TO CELEBRATE European Week for Scientific Culture, the Independent and the British Association for the Advancement of Science are offering young people aged 14 to 18 the chance to win a trip to the scientific centres of Europe and beyond.

Teresa 'better'

Mother Teresa appeared to be recovering from malaria, as tens of thousands of India's destitute prayed for her recovery, AP reports from New Delhi. 'She is stable and fine. Her condition is better than yesterday,' said Bijoy Kumar Dash, spokesman of the capital's All-India Institute of Medical Sciences. She was taken to hospital on Friday with malaria and on Sunday was reported to have breathing problems.

Contaminated water blamed for outbreak of disease that has left 200 dead

Lakshman Dharam Pagi lies in the doorway of his home, unable to move, a victim of a gastro-enteritis outbreak which, together with malaria, is reported to have killed almost 200 villagers in the Thane district, 100 miles from Bombay, in the past three months. Doctors blame the deaths on contaminated drinking water.

Travel Departures: Malaria memory

TO HELP travellers remember to take anti-malaria tablets at the right time, the Medical Advisory Service for Travellers Abroad (Masta) has produced a Malarial Wheel, a circular tablet dispenser that holds a 28-day supply of chloroquine and proguanil so that travellers no longer need to rely on memory to ensure they have taken the right tablet at the right time. It costs pounds 3.95 and is available from any British Airways Travel Clinic or by mail order from Masta, Keppel Street, London WC1E 7HT (071-631 4408).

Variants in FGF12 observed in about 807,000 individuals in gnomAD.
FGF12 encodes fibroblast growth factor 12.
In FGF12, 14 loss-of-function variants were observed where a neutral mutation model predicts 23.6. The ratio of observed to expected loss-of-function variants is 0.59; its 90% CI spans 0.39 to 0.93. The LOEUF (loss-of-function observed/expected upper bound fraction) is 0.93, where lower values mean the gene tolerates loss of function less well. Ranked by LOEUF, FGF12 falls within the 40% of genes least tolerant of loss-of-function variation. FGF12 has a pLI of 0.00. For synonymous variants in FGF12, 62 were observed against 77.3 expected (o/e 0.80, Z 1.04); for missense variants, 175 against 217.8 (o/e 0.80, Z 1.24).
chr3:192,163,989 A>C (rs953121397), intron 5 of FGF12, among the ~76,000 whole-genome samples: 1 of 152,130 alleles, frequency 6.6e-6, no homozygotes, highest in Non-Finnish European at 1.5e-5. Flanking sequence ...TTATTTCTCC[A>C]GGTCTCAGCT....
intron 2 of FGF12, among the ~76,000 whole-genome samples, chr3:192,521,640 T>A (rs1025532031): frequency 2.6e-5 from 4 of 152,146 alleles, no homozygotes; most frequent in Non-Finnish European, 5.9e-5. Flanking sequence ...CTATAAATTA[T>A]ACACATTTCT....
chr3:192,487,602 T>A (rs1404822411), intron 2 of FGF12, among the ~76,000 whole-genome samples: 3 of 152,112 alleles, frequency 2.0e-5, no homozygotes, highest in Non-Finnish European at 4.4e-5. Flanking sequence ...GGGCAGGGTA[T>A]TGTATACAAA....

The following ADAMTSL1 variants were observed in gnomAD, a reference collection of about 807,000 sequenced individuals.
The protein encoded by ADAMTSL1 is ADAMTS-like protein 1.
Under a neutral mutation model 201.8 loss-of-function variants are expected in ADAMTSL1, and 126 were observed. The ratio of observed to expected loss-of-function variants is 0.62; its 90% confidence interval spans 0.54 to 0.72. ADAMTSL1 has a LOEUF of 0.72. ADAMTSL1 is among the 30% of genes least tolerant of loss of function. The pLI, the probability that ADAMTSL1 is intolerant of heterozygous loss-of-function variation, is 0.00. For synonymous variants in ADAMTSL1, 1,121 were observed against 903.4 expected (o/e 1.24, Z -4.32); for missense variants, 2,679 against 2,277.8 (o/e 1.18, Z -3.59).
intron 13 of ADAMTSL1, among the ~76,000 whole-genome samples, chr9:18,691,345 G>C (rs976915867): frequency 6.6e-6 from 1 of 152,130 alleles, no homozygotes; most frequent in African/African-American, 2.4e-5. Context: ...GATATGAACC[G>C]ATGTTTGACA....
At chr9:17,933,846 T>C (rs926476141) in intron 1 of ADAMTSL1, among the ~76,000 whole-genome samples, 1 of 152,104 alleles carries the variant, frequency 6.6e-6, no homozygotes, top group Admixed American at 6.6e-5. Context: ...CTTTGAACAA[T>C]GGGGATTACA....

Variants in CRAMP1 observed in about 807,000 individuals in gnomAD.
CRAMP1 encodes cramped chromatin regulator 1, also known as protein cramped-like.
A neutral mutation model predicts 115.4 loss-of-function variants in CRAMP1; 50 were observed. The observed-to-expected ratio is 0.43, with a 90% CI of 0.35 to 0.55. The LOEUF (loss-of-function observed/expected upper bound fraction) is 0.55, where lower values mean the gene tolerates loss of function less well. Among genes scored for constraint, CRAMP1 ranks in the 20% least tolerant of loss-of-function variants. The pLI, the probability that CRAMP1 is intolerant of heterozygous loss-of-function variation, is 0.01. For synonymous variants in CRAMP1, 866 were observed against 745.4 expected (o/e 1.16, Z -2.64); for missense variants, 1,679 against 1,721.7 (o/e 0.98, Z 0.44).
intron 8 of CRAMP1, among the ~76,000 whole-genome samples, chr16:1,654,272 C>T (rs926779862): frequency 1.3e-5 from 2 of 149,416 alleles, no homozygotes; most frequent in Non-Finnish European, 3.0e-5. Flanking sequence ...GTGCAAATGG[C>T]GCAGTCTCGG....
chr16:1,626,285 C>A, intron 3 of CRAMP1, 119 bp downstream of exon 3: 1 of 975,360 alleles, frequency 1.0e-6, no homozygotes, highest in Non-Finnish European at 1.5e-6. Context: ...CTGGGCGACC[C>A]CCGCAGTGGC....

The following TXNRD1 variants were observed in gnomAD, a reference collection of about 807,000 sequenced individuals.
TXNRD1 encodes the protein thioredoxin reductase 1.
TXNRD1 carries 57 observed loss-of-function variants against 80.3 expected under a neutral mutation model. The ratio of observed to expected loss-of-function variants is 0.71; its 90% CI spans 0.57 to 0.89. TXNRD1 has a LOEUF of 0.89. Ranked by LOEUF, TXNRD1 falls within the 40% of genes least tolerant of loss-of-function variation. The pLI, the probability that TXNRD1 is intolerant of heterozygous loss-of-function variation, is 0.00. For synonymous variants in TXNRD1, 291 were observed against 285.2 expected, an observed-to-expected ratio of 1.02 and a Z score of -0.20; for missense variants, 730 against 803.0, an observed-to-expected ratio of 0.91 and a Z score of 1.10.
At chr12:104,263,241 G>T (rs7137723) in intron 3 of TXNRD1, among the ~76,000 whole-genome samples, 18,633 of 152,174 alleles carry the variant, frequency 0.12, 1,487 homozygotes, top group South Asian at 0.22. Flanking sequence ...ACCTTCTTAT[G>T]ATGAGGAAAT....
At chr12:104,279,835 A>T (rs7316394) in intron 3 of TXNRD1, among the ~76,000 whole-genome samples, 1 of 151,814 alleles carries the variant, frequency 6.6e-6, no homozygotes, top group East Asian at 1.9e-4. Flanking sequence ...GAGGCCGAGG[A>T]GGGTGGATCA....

Health Update: Malaria safeguard

A NEW calendar pack for dispensing malaria tablets has been designed by Medical Advisory Services for Travellers Abroad. The pack uses a 'wheel' that is turned each day to dispense the right combination of drugs.

HEALTH / Common Procedures: Blood tests

ALMOST everyone who goes into a hospital as an outpatient will have some blood taken from a vein for 'tests'. Laboratories can measure the blood content of thousands of substances, from chemicals to complex proteins such as antibodies to HIV. The test most commonly done is a full blood count (a relatively simple procedure, nowadays mostly fully automated) in which the numbers of red and white blood cells and the small blood-clotting cells, the platelets, are counted. The amount of red pigment, haemoglobin, is measured, and often a thin smear of the blood on a glass slide is stained and examined under a microscope. Often the results do no more than confirm the diagnosis made at the first consultation, but confirmation is reassuring for doctor and patient.

Travel: Departures: Malaria warning

SOME 10,000 British high-street chemists are taking part in a Malaria Alert] campaign to advise anyone travelling outside Europe and the United States of the antimalarial medicines and insect repellents they will need. In 1991, 13 people died in Britain from malaria contracted abroad, and 2,300 returned from the tropics infected with the disease.

Malaria pay-out

The family of Peter Smyth, a 45-year-old businessman who died after a London hospital failed to diagnose he was suffering from malaria, has been awarded pounds 900,000 agreed High Court damages. He died at Charing Cross hospital in February 1991.

Malaria warning

Travellers to countries where there is a risk of developing falciparum malaria, an increasingly drug resistant form of the disease, still benefit from taking preventive tablets, researchers say in today's edition of the British Medical Journal.